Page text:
Listen & Play Along

Major Bebop Scale Lick 1

 

Listen & Play Along

Major Bebop Scale Lick 2

 

Listen & Play Along

Major Bebop Scale Lick 3

 

Listen & Play Along

Major Bebop Scale Lick 4

 

Listen & Play Along

Major Bebop Scale Lick 5

 

The Bebop Lydian Dominant Scale

The bebop Lydian scale is a variation of the more common dominant bebop scale. It is formed by adding a chromatic passing note between the 1 and b7 of the Lydian dominant scale (one of the melodic minor modes).

Bebop Lydian Dominant Scale = Lydian Dominant Scale + 7

The bebop Lydian scale can be used on dominant chords with a #11, such as the dominant chords of a tritone substitution.

For example: a normal V-I in C major is G7-Cmaj7. By doing a tritone substitution, we exchange the G7 for a Db7. That Db7 has a #11 and is a good place to play the Lydian bebop scale.

 

Bebop Lydian Dominant Scale Fingerings

Here are the 2 most common fingerings for the Db bebop Lydian dominant scale:

 

Bebop Lydian dominant scale fingering

 

Bebop Lydian dominant scale fingering 2

 

 

Band in a Box 2018

  • Franek says:

    Hi Matt and Dirk

    Unfortunately you point of view leads to losing the main goal of jazz phrasing – controlling the tension over the harmony.
    Why?
    Generally, because you don’t see the harmonic role and harmonic groups within bebop scales. This goes especially in case of major and minor bebop scale. You divided the scale’s content as belonging to three groups:

    You say that: “The red notes represent the root or 1 of the guitar scale. The blue notes are the chromatic passing tones that are so characteristic for the bebop scale. The black notes are the other scale tones.”

    Your description is neither true not useful because there is big difference between harmonic function of 3rd and 4th tone (in major and minor bebop scale as well). The same goes regarding 6th and 7th note of these scales. Why you marked them as belonging to the same group? They are both definitely neither not “chromatic passing tones” nor “characteristic” for bebop scale in the same way. the 3rd and 7th are in fact harmonically “characteristic” while the 4th isn’t.
    While phrasing musician stresses harmonically characteristic tones on beat. Using the 4th note same way as 4rd or 7th leads to treating bebop scale in wrong way.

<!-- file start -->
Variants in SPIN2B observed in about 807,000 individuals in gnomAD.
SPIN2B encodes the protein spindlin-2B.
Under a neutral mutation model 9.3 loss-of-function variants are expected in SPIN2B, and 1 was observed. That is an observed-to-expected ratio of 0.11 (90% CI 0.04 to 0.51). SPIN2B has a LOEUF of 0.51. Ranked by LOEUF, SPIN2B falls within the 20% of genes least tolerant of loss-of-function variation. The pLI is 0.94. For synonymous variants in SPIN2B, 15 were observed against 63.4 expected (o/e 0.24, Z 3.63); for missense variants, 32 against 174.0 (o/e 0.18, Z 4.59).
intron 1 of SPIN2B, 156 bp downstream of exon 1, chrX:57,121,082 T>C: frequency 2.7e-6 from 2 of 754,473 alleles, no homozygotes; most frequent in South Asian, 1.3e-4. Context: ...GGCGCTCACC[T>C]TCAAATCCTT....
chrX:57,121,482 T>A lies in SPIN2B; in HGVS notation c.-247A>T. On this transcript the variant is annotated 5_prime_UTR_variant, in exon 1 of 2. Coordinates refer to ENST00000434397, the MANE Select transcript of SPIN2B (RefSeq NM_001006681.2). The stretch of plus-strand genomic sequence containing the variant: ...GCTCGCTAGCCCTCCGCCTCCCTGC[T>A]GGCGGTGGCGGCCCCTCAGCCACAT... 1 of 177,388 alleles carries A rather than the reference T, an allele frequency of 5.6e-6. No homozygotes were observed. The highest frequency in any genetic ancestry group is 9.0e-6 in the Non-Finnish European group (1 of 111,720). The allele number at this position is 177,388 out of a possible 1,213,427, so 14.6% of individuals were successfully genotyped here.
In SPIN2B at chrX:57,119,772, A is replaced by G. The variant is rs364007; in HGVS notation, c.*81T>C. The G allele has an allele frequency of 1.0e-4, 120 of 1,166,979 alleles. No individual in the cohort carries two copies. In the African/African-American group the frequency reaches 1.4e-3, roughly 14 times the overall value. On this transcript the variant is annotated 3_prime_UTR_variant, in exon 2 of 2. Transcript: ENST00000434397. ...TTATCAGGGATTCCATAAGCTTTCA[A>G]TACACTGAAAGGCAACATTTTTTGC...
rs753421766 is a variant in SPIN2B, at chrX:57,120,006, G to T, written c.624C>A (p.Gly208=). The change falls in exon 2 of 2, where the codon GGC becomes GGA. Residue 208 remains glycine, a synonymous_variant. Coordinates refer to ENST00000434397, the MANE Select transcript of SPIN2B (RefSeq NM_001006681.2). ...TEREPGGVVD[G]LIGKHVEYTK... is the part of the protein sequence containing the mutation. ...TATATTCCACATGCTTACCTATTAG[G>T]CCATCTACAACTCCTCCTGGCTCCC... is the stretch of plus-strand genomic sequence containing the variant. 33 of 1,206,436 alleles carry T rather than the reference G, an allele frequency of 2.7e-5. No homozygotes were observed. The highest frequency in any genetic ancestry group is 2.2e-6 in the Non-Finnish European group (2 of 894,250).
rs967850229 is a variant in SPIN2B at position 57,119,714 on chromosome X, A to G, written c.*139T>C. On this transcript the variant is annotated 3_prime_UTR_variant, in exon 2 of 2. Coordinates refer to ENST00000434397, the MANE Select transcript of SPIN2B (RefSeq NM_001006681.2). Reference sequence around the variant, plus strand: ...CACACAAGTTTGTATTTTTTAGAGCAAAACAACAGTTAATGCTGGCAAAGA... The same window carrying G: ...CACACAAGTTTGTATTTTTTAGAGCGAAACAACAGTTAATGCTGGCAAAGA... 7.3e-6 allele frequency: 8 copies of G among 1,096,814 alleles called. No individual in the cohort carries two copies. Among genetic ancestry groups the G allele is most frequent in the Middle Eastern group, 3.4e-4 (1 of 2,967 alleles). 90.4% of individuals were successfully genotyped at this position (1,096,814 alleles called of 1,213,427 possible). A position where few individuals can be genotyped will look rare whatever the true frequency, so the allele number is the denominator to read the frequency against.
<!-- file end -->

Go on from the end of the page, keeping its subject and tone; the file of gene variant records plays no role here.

Notice that the harmonization of bebop scales provided by Barry Harris showed important harmonic function of each note belonging to the bebop scale and let us divide notes for two groups:
    Let’s have a look at the C major bebop scale: C,D,E,F,G,G#,A,B,C
    1) 1st group (let’s say “tonic”) forms C6 chord (C,E,G,A)
    2) 2nd group (let’s say “dominant”) forms 4 equivalent diminished chords: D,F,G#,B

    Using regular harmonization over octatonic bebop scale you can harmonize each not from “tonic” group. As a result you obtain list of equivalent transformation of the same C6 chord.

    Moreover, when you play resulting harmony on each step of the bebop scale you obtain following chain: T-D-T-D-T-D…. This example shows that the harmonic function of F (which is 4th) step of C major bebop scale is very different – this step belongs to dominant group as an important element of diminished arpeggio while E (the 3rd step) belongs to “tonic” arpeggio.

  • jay says:

    I’m incredibly confused by this – (My specific question about the quoted section is in parentheses):

    Here is how the bebop scale is usually applied:

    On dominant chords: the bebop scale is used to play over dominant chords, such as the 5 in a 2-5-1 progression or the dominant 7 chords in a jazz blues progression. (So if the 5 is, say, an A then I play the A bebop scale, but just over that chord?)
    On minor chords: the bebop scale can also be used to play over minor chords. The G Bebop Scale, for example, can be played over Dm7, giving us a great tool to play over ii V I progressions. (Why can the G bebop scale be played over Dm7? Is the implication here that I can I play the G bebop scale over that whole progression – I’m assuming it was Dm7-G7-Cmaj7 – if so, why…or, how do I figure out which bebop scale to play over other keys)
    On half-diminished chords: the bebop scale can also be played over half-diminished chords. The G bebop scale, for example, can be played over a Bm7b5 chord, making it a great tool to play over minor ii V I progressions. (see above. Why the G bebop scale over this Bm7b5 chord?)

    So sorry for all the questions. I’ve bought a few of your books and as much as I’ve enjoyed them, there are always passages like these that fly way over my head.

  • Felix says:

    Exc lessons!
    I am learning a lot 💯